New art exhibition, CREATE, celebrating pregnancy and newborn research opens in Galway Hospital Campus

Feb 11 2019 Posted: 09:13 GMT

CREATE: The Art of Pregnancy, Birth & Beyond, is a free art exhibition developed by the HRB Mother and Baby Clinical Trial Network, taking place around the campus of UHG, that spotlights pregnancy and newborn journeys, the people who make them, and the research that impacts them. The exhibition will run from 2 - 28 February, and local breastfeeding groups in particular are invited to take in the exhibition.

The exhibition touches on topics like perinatal mental health, bereavement and pregnancy loss, IVF, prematurity, labour and birth experiences, and breastfeeding, as well as exploring how health research helps women and newborns.

The pregnancy and neonatal journey can be beautiful and scary, joyous and heartbreaking. It can be miraculous, frustrating, sought after or unexpected. It can be straightforward, or it can wind and twist through our lives. We think of it as nine months, but it can be years of trying. It can end unexpectedly. It can resonate for decades afterwards.

In this exhibition, the HRB Mother and Baby Clinical Trial Network, a network of obstetricians, neonatologists, midwives and related professionals brought together to carry out research on women’s and children’s health, hope to highlight common pregnancy and newborn health issues and celebrate the impact of perinatal research on mothers and babies in Ireland and internationally.

The exhibition provides a safe, non-judgmental space to explore these issues and listen, through new and existing artworks, to the experiences of women and the doctors, midwives and researchers who care for them.

Some of the exhibition’s highlights include:

  • The Other Side - A new work by Emma Sheridan that deals with her own experiences of perinatal mental health issues. A self portrait of sorts that captures how she felt following the birth of her first child – the exhaustion, the doubts, the terror. The artist writes:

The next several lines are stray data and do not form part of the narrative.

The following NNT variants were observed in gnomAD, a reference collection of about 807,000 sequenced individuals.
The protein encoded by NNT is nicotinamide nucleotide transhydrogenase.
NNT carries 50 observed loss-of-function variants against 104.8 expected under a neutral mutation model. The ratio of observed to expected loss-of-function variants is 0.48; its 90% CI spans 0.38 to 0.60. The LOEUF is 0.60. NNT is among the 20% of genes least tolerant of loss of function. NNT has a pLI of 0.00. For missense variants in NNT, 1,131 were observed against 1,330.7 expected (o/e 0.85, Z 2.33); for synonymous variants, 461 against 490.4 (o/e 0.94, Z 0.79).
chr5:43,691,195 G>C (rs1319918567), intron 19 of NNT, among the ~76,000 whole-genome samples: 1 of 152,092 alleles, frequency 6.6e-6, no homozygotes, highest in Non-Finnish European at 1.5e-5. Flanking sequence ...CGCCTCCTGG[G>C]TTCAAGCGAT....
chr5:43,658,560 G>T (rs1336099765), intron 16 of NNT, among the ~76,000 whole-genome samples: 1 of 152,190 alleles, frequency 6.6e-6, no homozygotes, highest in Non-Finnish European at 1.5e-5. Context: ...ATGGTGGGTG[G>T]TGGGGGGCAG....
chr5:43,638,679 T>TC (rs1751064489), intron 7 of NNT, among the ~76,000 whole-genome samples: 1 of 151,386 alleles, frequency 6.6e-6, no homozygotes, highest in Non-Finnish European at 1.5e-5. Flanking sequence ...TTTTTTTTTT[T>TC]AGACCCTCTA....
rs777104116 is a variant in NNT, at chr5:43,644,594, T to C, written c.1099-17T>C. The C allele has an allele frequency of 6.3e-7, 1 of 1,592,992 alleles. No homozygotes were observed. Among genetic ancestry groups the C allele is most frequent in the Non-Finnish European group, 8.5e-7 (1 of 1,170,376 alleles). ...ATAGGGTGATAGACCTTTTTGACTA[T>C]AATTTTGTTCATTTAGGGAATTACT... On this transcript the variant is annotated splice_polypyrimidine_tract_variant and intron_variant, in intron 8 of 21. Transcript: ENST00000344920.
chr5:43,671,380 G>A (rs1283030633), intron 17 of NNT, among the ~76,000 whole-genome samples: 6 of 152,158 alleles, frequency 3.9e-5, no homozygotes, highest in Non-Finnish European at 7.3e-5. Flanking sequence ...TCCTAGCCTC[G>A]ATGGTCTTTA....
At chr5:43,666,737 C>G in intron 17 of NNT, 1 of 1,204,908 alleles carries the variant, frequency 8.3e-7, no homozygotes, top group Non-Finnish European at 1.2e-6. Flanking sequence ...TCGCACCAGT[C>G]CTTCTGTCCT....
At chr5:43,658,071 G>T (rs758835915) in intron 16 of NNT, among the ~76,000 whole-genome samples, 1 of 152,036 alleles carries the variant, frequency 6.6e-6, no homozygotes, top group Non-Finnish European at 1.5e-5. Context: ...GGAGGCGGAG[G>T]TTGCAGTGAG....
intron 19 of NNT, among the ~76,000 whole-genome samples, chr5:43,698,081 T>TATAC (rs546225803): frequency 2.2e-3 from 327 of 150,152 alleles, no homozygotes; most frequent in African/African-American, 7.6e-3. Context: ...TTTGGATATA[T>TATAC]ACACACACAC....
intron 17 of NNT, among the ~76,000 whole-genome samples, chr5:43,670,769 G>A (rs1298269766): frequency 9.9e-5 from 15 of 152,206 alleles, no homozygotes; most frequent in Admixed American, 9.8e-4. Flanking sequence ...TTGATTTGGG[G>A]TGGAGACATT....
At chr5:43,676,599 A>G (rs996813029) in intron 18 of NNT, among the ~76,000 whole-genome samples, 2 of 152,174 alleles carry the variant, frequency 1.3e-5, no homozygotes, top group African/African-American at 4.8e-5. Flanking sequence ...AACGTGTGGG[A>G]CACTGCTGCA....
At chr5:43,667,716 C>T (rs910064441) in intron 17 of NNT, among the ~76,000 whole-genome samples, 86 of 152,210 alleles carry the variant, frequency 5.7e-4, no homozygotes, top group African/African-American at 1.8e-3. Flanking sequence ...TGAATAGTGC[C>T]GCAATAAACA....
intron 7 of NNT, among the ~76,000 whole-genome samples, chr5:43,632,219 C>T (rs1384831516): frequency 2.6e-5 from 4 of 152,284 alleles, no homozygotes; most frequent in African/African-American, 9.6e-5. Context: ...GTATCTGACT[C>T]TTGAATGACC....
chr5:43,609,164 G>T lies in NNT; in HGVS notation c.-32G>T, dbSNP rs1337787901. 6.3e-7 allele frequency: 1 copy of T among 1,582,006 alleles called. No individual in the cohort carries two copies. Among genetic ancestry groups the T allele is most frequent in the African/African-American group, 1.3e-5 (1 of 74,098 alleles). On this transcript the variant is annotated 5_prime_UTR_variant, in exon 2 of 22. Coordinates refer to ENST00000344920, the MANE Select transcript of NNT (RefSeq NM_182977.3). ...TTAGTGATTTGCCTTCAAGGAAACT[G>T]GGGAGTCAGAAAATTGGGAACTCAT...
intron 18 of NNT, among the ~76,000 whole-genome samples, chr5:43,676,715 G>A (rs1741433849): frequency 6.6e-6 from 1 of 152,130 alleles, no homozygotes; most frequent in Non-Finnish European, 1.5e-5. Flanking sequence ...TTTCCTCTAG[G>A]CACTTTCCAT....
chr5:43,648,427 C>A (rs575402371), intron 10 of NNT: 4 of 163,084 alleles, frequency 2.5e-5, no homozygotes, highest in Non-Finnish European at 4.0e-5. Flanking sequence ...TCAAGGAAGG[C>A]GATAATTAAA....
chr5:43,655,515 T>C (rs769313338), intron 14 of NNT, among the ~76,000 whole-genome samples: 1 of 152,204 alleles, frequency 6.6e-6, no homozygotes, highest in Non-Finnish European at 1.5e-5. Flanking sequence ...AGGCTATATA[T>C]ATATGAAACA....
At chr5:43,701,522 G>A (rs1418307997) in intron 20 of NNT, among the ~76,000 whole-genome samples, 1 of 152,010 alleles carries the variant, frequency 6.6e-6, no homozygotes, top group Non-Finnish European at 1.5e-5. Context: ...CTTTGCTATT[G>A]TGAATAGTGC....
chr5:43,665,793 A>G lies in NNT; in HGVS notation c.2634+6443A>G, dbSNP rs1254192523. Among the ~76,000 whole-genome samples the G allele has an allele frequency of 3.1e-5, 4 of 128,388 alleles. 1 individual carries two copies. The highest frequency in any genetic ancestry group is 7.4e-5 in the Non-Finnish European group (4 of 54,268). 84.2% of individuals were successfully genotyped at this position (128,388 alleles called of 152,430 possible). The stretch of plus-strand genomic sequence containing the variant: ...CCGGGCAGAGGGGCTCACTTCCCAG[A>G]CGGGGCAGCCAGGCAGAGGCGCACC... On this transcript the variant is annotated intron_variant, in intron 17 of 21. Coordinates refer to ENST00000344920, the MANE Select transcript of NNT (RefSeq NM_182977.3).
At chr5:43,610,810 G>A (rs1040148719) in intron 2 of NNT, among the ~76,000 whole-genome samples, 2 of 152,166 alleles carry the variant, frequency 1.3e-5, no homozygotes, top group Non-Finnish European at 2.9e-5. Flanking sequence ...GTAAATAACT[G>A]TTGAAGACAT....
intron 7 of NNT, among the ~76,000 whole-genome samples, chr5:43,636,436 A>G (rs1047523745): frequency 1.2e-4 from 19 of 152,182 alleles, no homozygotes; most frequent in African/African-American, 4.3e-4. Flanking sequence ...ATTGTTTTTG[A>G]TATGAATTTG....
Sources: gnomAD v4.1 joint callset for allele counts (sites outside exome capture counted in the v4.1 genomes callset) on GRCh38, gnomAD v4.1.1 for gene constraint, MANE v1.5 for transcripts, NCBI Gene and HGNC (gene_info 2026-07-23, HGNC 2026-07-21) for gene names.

“I wanted the image to look, like me, as if it was disintegrating. For others to look into her eyes and say, that feels like me and not me alone. This painting is also full of hope and positivity. The colours are vibrant, I feel beautiful, I am owning all of it. Yes, I am tired and it is hard but I am no longer trying to be perfect and neither is this painting. It is me.”


  • The Children’s Remembrance Tree – A striking and colourful collaborative community project, led by the Bereavement team in Cavan Hospital. During a remembrance service in 2015, families were given colourful beads to hold on to – as a physical symbol of the baby or child families were there to remember, the grief they carried and the uniqueness of each story. After the service, the beads were collected and over the following three months were sewn onto the fabric by a local craft group with help from friends and family. The Tree, its branches, and its falling vibrant leaves, represents strength, family, the fragility of life, and the sense of belonging to a community and the support that brings.


  • Everyday Breastfeeding - This series of simple, black and white, hanging illustrations by Fiona Carey depicts everyday experiences of breastfeeding – the lovely, chaotic, precious, mundane, lived reality of it. While breastfeeding is the common theme, it is not the central focus of these images; it is simply one component of life as a parent of babies and toddlers. Sometimes, the images we commonly see of breastfeeding make it seem inaccessible and incompatible with modern life. Rarely do we see images of breastfeeding fitting in with work, family, exhaustion, eating, resting, socialising, travelling, sleeping, life. These illustrations portray modern women’s relationships to breastfeeding, as part of their modern lives, capturing the ordinary and extraordinary, the mundane and magical.

This exhibition is supported by the Health Research Board through their Knowledge Exchange and Dissemination Award which aims to maximize the uptake of research findings into policy and practice.

For more information, contact Cormac McAdam on or phone 01 4022548 or 087 2329101.

The full list of artworks and events is available at and

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